Welcome to another installment of Reissue Theory, where we focus on notable albums and the reissues they could someday see. Beautiful pop-soul from an artist that should have had a much longer career is the order of the day; we present a look back at Ephraim Lewis, the best ’90s soul singer time forgot.
If you use reissues and expanded music titles as tools to uncover an artist’s body of work or to shine a light on a forgotten musician, you doubtlessly have plenty of albums you’d like to see rescued from the flotsam of used bins everywhere, and put up on a pedestal for all to rediscover.
In today’s Reissue Theory, we add another name to the pile: Ephraim Lewis. The British singer is best known among music geeks for his brilliant entry into the music world and his tragic exit from it. But there are plenty who are missing out. And if you like your pop and R&B sophisticated and romantic, you’re going to want to acquaint – or reacquaint – yourself as we imagine a forgotten classic of the ’90s expanded for a new audience.
Slip into Skin after the jump.
For whatever reason, Ephraim Lewis is frequently brought up in comparison to Seal. And while both of them are black, British singers, the similarities kind of end there. Where Seal was an early master of slick dance music with a bluesy rasp in his voice, Lewis was a sophisti-pop singer with nary a shout to be had. Perhaps his most notable work, the slinky and romantic “Drowning in Your Eyes” is arguably the closest a man has gotten to replicating the style of Sade. It was quiet storm with a ’90s, distinctly European beat.
If things had turned out differently, though, Lewis’ musical style would have been more sacred. The youngest of eight children, he was positioned by his father, a Jamaican immigrant and factory worker (and strict member of the Wesleyan Holiness Church, which Sam Cooke’s father also belonged to), as the lead singer of The Lewis Five with his brothers. The band never went anywhere, and it’s arguable that their failure took a toll on the family. Lewis left home at age 16, not long after the death of his mother, and by some accounts largely didn’t look back.
By 1990, Lewis and two independent producers, Jonathan Quambry and Kevin Bacon, were working together and managed interest from Elektra, Warner’s subsidiary label which was making inroads in the U.K. (label chairman Bob Krasnow was responsible for signing a major Brit act, The Cure, to the label in the mid-’80s). While Quambry and Bacon were very nurturing of the 23-year-old singer, even they didn’t have delusions of grandeur about the album. “We’d imagined it as a small-scale album from a new artist,” Bacon told The Mail on Sunday in 1995. “The first step on Ephraim’s career ladder. Instead, when Bob Krasnow heard it, he went berserk about it and put millions of dollars into promotion to make it happen.”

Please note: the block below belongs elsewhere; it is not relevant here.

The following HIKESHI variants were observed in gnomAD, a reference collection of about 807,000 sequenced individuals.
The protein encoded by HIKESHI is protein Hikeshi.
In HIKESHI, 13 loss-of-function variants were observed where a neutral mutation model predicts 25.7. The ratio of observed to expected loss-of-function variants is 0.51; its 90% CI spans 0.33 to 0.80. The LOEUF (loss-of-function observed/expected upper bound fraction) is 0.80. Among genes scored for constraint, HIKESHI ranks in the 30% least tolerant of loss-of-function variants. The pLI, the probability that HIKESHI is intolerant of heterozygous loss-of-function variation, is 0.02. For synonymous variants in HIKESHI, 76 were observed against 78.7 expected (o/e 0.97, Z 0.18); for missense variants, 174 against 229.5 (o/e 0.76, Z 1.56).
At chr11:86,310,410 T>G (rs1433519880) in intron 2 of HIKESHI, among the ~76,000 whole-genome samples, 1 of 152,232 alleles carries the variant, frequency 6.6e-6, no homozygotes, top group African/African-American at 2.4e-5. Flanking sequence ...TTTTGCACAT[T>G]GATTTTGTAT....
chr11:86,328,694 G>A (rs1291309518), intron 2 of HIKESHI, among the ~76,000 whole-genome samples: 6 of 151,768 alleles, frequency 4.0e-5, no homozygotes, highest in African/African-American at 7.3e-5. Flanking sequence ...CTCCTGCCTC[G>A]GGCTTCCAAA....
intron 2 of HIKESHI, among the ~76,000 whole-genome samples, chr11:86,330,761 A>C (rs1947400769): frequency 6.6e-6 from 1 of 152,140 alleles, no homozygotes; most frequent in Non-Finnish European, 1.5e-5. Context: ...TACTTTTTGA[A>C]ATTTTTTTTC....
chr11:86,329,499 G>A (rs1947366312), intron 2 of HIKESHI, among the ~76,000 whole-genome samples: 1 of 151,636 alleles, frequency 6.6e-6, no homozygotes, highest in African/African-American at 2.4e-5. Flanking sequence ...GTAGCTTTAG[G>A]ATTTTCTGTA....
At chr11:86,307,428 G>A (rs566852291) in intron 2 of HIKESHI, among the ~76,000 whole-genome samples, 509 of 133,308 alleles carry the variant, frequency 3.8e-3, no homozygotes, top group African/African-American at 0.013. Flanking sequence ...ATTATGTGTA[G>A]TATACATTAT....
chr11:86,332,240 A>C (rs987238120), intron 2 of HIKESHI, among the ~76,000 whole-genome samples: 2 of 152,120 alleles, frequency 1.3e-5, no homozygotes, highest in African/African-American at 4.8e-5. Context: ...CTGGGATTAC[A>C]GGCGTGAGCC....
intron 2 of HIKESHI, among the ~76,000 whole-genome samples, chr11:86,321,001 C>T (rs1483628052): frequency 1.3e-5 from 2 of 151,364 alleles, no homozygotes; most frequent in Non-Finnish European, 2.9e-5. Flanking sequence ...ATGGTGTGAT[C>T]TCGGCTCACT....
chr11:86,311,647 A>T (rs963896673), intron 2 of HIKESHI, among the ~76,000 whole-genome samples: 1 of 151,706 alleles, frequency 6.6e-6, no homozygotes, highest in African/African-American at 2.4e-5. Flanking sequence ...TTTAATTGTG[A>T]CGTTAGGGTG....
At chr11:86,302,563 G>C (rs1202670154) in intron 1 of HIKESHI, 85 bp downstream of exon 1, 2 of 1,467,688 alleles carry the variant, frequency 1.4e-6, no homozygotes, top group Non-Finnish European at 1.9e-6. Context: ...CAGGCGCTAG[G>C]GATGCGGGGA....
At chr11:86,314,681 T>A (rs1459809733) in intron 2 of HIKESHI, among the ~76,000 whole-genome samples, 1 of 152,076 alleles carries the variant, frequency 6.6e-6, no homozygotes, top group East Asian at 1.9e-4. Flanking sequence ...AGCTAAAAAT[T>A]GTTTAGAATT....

That push, astoundingly, didn’t pay off. Skin, released in the summer of 1992, only sold around 190,000 copies and put two singles – “Drowning in Your Eyes” and “It Can’t Be Forever” – firmly in the lower middle of the Billboard Hot 100. Elektra wanted something more commercial, and broke Lewis away from Bacon and Quambry in favor of more established talent. (Lewis did session work for a never-completed solo album with master songwriter/producer Glen Ballard, responsible for co-writing Michael Jackson’s “Man in the Mirror” and producing major hit albums for Alanis Morrissette and the Dave Matthews Band.) By all accounts, Lewis was happy – optimistic about both his potential crossover appeal, his newfound financial comfort and his love life. (Lewis began dating Paul Flowers, a graduate student, in secret not long before embarking on his American trip to work on a second album.)
Within weeks, though, things took a horrific turn for the worse. On March 18, 1994, police responded to reports of a naked, drugged man in a Los Angeles apartment complex. That man was Lewis, and not long after the police response, Lewis had plummeted from the fourth-floor balcony of one of the apartments, suffering massive head injuries and dying later that night. Nearly everything about the incident is mired in controversy: autopsy reports detected traces of methamphetamines, while conflicting accounts have Lewis falling from the balcony after or because of a strike from a taser by police.
While the real story may never be known, Lewis left a small but notable body of work that did a fine job of indicating the talent he possessed – talent that was silenced far too soon. His work would be well represented by a Rhino Handmade-type expansion, which we’ve imagined here with an additional seven tracks (three non-LP B-sides and four remixes – if any usable material from sessions with Ballard exist, they’d certainly be worthwhile inclusions as well). With next year being the 20th anniversary of Skin, it may well be more of a possibility than one might think.
Ephraim Lewis, Skin: Expanded Edition (originally released as Elektra LP 61318, 1992)
- It Can’t Be Forever
- Drowning in Your Eyes
- Mortal Seed
- World Between Us
- Summer Lightning
- Rule for Life
- Sad Song
- Hold On
- Best of Every Year (U.K. B-side to “It Can’t Be Forever” – Elektra 12″ single EKR 146T, 1992)
- Dreams from the Trees (B-side to “Drowning in Your Eyes” – Elektra 64710, 1992)
- I Know I Don’t Walk on Water (from Made in America: Music from the Original Soundtrack – Elektra 61498, 1993)
- It Can’t Be Forever (Medici Mix) (12″ promo A-side – Elektra ED-5606, 1992)
- Drowning in Your Eyes (Flotation Mix) (U.K. 12″ A-side – Elektra EKR 151T, 1992)
- World Between Us (Monasterial Mix) (12″ A-side – Elektra 66384, 1992)
- Skin (Shiny Black Boots Mix) (U.K. 12″ A-side – Elektra EKR 163T, 1992)
A special thanks to the exhaustive Ephraim Lewis Fan Page for their knowledge and a shout-out to The Second Disc’s BFF Popblerd!, who likely now knows that it was his random YouTube link that inspired this post.